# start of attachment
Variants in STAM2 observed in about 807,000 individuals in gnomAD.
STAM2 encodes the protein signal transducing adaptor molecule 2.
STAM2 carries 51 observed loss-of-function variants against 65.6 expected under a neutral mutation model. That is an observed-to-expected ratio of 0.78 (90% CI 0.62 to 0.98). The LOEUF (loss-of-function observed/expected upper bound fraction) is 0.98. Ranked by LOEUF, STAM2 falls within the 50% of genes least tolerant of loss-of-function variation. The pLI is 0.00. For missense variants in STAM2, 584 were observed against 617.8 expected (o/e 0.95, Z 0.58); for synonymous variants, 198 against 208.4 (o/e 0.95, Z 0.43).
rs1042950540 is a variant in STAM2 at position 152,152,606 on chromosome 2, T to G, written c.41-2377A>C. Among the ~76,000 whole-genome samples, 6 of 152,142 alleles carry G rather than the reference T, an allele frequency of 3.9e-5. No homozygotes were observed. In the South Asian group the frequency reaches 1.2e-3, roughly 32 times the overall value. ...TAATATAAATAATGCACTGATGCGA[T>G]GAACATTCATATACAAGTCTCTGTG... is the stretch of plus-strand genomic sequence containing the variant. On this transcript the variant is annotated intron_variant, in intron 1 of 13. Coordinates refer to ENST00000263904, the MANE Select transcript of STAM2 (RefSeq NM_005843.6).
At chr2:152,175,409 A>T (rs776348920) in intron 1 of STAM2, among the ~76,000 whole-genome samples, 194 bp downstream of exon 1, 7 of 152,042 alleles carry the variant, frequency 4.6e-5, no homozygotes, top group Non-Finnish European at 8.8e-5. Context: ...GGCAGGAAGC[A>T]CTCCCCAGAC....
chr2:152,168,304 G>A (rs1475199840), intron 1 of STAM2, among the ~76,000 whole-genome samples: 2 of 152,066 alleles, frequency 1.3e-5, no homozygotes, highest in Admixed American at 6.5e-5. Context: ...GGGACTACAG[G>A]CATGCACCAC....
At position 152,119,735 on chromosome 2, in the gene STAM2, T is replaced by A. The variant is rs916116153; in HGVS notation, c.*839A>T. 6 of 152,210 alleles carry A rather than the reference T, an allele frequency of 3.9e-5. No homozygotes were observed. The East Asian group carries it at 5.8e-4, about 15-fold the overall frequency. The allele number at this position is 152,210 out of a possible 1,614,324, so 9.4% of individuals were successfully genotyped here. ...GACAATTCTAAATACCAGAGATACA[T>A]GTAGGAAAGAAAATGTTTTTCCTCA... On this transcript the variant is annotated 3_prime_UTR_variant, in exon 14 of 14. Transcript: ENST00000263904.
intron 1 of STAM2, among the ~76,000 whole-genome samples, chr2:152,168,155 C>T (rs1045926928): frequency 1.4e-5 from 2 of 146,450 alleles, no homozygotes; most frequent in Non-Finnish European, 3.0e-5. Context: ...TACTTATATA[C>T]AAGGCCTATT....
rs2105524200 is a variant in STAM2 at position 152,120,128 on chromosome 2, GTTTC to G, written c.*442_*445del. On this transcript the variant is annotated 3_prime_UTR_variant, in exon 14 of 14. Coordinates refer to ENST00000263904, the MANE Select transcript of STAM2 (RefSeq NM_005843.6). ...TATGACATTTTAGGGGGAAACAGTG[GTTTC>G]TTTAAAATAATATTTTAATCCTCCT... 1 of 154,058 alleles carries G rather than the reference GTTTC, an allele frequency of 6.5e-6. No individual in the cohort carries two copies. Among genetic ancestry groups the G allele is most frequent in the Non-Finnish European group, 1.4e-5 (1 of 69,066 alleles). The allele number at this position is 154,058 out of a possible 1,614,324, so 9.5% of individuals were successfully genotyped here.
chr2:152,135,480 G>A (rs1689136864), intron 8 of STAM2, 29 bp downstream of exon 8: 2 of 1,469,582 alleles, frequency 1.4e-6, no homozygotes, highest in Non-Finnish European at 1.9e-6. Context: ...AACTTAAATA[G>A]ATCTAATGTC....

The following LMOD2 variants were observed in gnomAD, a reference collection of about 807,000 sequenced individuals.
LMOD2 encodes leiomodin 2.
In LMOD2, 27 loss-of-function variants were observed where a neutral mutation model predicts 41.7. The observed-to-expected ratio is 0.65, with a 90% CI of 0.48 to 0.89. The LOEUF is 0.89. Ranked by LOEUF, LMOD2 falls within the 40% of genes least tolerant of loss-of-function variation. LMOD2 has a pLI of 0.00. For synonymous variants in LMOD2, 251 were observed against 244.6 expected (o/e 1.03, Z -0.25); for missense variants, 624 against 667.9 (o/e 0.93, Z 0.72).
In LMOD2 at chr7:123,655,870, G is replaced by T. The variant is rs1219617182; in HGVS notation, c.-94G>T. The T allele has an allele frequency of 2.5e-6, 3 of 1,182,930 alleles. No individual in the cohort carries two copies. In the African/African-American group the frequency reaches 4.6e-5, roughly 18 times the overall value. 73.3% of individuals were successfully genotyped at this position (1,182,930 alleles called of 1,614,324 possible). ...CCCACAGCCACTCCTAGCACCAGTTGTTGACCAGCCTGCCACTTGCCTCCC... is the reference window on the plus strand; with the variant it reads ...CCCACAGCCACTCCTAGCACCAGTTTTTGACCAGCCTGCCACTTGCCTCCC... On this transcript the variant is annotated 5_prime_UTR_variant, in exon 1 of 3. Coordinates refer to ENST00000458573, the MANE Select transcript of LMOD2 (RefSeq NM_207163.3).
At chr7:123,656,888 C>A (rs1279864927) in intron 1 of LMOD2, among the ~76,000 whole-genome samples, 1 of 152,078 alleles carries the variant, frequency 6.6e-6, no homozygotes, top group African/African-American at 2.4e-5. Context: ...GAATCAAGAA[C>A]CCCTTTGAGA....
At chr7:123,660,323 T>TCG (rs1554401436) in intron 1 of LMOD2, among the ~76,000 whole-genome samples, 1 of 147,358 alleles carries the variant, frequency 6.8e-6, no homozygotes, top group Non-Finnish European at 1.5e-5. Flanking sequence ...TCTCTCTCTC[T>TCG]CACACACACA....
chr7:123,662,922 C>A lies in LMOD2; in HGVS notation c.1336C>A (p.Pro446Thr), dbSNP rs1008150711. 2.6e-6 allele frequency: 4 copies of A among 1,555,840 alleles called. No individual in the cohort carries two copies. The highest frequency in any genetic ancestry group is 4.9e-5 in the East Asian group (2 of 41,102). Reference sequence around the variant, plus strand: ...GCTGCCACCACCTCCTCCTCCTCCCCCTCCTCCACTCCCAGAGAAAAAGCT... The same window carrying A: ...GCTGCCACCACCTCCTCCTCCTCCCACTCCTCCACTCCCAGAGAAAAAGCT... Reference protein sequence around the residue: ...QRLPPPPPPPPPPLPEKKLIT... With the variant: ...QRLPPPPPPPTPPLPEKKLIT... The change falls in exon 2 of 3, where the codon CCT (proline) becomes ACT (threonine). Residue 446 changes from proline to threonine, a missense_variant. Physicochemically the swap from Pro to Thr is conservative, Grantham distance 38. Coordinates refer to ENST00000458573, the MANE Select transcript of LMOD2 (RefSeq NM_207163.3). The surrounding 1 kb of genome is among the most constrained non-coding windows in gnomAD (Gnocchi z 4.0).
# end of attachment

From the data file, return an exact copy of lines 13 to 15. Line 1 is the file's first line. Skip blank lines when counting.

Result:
In LMOD2, 27 loss-of-function variants were observed where a neutral mutation model predicts 41.7. The observed-to-expected ratio is 0.65, with a 90% CI of 0.48 to 0.89. The LOEUF is 0.89. Ranked by LOEUF, LMOD2 falls within the 40% of genes least tolerant of loss-of-function variation. LMOD2 has a pLI of 0.00. For synonymous variants in LMOD2, 251 were observed against 244.6 expected (o/e 1.03, Z -0.25); for missense variants, 624 against 667.9 (o/e 0.93, Z 0.72).
In LMOD2 at chr7:123,655,870, G is replaced by T. The variant is rs1219617182; in HGVS notation, c.-94G>T. The T allele has an allele frequency of 2.5e-6, 3 of 1,182,930 alleles. No individual in the cohort carries two copies. In the African/African-American group the frequency reaches 4.6e-5, roughly 18 times the overall value. 73.3% of individuals were successfully genotyped at this position (1,182,930 alleles called of 1,614,324 possible). ...CCCACAGCCACTCCTAGCACCAGTTGTTGACCAGCCTGCCACTTGCCTCCC... is the reference window on the plus strand; with the variant it reads ...CCCACAGCCACTCCTAGCACCAGTTTTTGACCAGCCTGCCACTTGCCTCCC... On this transcript the variant is annotated 5_prime_UTR_variant, in exon 1 of 3. Coordinates refer to ENST00000458573, the MANE Select transcript of LMOD2 (RefSeq NM_207163.3).
At chr7:123,656,888 C>A (rs1279864927) in intron 1 of LMOD2, among the ~76,000 whole-genome samples, 1 of 152,078 alleles carries the variant, frequency 6.6e-6, no homozygotes, top group African/African-American at 2.4e-5. Context: ...GAATCAAGAA[C>A]CCCTTTGAGA....